The World Bank has joined the International Monetary Fund in criticizing a Ukrainian draft law to create an anti-corruption court, the newspaper Ukrainska Pravda reported on Monday, citing a letter from the lender to the presidential administration.
In response to international pressure to speed up the process, President Petro Poroshenko submitted a new draft law to parliament in December, but the IMF and now the World Bank say the legislation is not in line with recommendations from the Venice Commission, a European rights and legal watchdog.
Ukraine's Western backers have long called for the authorities to establish an independent court to handle corruption cases. Slow progress has delayed the disbursement of foreign loans.
The World Bank's country director, Satu Kahkonen, has written to the presidential administration to express the bank's concerns about parts of the bill, Ukrainska Pravda said, publishing what it said was the text of the letter in full.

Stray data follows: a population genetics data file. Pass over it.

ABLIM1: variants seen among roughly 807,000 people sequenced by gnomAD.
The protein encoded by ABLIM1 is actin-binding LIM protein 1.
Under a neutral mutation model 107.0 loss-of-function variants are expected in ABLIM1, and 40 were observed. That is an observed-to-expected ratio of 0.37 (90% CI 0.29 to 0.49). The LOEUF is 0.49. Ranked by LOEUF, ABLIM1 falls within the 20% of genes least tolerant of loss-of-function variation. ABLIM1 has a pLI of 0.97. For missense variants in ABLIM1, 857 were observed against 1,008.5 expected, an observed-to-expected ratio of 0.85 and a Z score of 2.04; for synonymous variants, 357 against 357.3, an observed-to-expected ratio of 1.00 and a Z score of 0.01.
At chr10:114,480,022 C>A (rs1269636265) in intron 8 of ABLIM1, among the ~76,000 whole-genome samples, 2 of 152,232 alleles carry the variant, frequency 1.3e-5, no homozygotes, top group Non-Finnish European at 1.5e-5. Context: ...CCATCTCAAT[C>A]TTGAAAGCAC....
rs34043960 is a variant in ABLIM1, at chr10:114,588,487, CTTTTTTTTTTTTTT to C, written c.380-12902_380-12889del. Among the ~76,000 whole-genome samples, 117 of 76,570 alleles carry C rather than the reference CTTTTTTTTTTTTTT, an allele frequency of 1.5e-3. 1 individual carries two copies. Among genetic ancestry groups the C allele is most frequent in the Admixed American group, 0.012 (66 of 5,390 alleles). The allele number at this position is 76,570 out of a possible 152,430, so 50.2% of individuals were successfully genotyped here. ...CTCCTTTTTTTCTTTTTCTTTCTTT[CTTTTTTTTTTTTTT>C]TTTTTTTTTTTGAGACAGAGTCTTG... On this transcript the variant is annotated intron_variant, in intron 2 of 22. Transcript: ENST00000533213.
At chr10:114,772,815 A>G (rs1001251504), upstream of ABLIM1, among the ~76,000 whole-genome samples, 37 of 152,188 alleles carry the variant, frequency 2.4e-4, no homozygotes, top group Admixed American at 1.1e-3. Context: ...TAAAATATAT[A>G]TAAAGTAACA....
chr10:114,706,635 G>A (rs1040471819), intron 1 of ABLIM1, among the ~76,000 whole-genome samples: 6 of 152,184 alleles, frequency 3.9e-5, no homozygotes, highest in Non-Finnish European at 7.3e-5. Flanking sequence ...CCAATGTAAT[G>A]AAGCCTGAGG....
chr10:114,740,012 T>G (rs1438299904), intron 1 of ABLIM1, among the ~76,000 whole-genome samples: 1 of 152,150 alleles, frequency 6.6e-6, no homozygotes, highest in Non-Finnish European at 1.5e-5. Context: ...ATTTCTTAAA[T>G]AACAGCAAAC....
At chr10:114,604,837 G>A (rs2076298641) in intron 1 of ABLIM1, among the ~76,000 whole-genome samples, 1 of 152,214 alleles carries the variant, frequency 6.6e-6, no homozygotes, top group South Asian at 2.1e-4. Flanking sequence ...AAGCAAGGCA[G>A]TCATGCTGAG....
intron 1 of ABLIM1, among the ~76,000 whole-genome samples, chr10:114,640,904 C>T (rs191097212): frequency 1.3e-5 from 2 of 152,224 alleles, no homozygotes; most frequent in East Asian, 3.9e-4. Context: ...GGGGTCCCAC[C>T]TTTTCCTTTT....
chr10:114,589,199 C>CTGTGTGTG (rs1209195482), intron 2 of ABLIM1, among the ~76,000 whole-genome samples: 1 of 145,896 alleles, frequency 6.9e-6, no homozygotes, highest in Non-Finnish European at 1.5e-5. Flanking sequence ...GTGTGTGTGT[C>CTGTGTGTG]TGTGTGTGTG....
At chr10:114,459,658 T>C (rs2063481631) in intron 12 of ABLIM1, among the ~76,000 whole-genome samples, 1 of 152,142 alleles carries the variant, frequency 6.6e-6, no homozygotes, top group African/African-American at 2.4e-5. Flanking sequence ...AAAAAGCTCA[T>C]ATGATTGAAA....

"We believe that the draft law requires the following revisions to bring it into alignment with the recommendations of the Venice Commission and satisfy the requirements of the World Bank's estimated $800 million Policy-Based Guarantee to support key reforms in Ukraine," she said, in a letter dated January 15.
Among its recommendations, it says the court's future jurisdiction needs to be better aligned with that of anti-corruption investigators and prosecutors.
The World Bank in Ukraine did not immediately respond to a request for comment about the Ukrainska Pravda report.
The letter cited echoes one sent by the IMF to the president's office earlier in January which warned that the draft law did not guarantee the independence of the court.
The presidential administration did not immediately respond to a request for comment.
On Monday, in response to the IMF's letter, it denied the law was not in line with Venice Commission recommendations and said the authorities had the political will to create an independent anti-corruption court.
Since its 2013-14 pro-European uprising, Ukraine has received $8.4 billion from the IMF and over $5 billion from the World Bank among other backers, helping it to return to growth of over 2 percent in 2016.
However the disbursement of funding was held up last year over perceived backtracking on reform commitments that raised doubts about the authorities' will to eliminate corruption and modernize the economy.
Reporting by Alessandra Prentice; Editing by Alison Williams.